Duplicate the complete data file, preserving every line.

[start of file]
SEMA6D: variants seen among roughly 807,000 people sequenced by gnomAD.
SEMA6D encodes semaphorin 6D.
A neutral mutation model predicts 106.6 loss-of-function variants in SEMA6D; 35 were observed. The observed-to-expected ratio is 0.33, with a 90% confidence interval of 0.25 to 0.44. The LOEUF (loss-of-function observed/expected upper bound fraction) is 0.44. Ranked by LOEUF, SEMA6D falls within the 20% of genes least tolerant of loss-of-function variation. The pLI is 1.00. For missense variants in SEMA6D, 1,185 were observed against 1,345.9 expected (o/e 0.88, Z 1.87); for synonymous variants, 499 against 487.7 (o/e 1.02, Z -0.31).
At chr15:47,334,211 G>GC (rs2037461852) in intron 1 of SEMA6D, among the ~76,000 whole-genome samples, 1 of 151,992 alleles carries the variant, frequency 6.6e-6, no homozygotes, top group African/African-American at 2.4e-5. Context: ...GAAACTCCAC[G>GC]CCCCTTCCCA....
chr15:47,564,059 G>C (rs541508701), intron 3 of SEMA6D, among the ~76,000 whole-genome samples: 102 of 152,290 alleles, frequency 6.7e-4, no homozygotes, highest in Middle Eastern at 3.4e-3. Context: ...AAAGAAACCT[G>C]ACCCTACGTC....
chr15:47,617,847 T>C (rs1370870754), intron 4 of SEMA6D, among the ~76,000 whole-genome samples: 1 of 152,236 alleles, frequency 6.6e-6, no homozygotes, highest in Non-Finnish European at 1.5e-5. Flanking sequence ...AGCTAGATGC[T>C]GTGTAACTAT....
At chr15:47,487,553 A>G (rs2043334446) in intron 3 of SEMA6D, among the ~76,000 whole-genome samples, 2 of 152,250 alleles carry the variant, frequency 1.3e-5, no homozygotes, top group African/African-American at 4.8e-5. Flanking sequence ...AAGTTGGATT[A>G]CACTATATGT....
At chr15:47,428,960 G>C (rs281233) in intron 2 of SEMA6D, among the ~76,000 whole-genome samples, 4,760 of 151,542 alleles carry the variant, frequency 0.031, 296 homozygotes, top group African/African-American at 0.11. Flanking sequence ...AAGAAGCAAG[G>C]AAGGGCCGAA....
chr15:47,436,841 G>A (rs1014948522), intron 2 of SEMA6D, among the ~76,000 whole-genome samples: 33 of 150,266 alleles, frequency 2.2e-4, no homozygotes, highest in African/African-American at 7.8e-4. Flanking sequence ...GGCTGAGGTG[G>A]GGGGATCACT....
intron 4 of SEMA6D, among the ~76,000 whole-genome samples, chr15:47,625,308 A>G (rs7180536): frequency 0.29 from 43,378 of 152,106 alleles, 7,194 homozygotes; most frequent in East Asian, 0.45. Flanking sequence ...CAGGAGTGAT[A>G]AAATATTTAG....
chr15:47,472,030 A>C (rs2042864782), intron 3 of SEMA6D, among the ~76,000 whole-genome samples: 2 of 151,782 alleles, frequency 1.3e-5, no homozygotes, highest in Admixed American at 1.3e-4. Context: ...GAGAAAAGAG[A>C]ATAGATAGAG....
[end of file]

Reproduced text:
SEMA6D: variants seen among roughly 807,000 people sequenced by gnomAD.
SEMA6D encodes semaphorin 6D.
A neutral mutation model predicts 106.6 loss-of-function variants in SEMA6D; 35 were observed. The observed-to-expected ratio is 0.33, with a 90% confidence interval of 0.25 to 0.44. The LOEUF (loss-of-function observed/expected upper bound fraction) is 0.44. Ranked by LOEUF, SEMA6D falls within the 20% of genes least tolerant of loss-of-function variation. The pLI is 1.00. For missense variants in SEMA6D, 1,185 were observed against 1,345.9 expected (o/e 0.88, Z 1.87); for synonymous variants, 499 against 487.7 (o/e 1.02, Z -0.31).
At chr15:47,334,211 G>GC (rs2037461852) in intron 1 of SEMA6D, among the ~76,000 whole-genome samples, 1 of 151,992 alleles carries the variant, frequency 6.6e-6, no homozygotes, top group African/African-American at 2.4e-5. Context: ...GAAACTCCAC[G>GC]CCCCTTCCCA....
chr15:47,564,059 G>C (rs541508701), intron 3 of SEMA6D, among the ~76,000 whole-genome samples: 102 of 152,290 alleles, frequency 6.7e-4, no homozygotes, highest in Middle Eastern at 3.4e-3. Context: ...AAAGAAACCT[G>C]ACCCTACGTC....
chr15:47,617,847 T>C (rs1370870754), intron 4 of SEMA6D, among the ~76,000 whole-genome samples: 1 of 152,236 alleles, frequency 6.6e-6, no homozygotes, highest in Non-Finnish European at 1.5e-5. Flanking sequence ...AGCTAGATGC[T>C]GTGTAACTAT....
At chr15:47,487,553 A>G (rs2043334446) in intron 3 of SEMA6D, among the ~76,000 whole-genome samples, 2 of 152,250 alleles carry the variant, frequency 1.3e-5, no homozygotes, top group African/African-American at 4.8e-5. Flanking sequence ...AAGTTGGATT[A>G]CACTATATGT....
At chr15:47,428,960 G>C (rs281233) in intron 2 of SEMA6D, among the ~76,000 whole-genome samples, 4,760 of 151,542 alleles carry the variant, frequency 0.031, 296 homozygotes, top group African/African-American at 0.11. Flanking sequence ...AAGAAGCAAG[G>C]AAGGGCCGAA....
chr15:47,436,841 G>A (rs1014948522), intron 2 of SEMA6D, among the ~76,000 whole-genome samples: 33 of 150,266 alleles, frequency 2.2e-4, no homozygotes, highest in African/African-American at 7.8e-4. Flanking sequence ...GGCTGAGGTG[G>A]GGGGATCACT....
intron 4 of SEMA6D, among the ~76,000 whole-genome samples, chr15:47,625,308 A>G (rs7180536): frequency 0.29 from 43,378 of 152,106 alleles, 7,194 homozygotes; most frequent in East Asian, 0.45. Flanking sequence ...CAGGAGTGAT[A>G]AAATATTTAG....
chr15:47,472,030 A>C (rs2042864782), intron 3 of SEMA6D, among the ~76,000 whole-genome samples: 2 of 151,782 alleles, frequency 1.3e-5, no homozygotes, highest in Admixed American at 1.3e-4. Context: ...GAGAAAAGAG[A>C]ATAGATAGAG....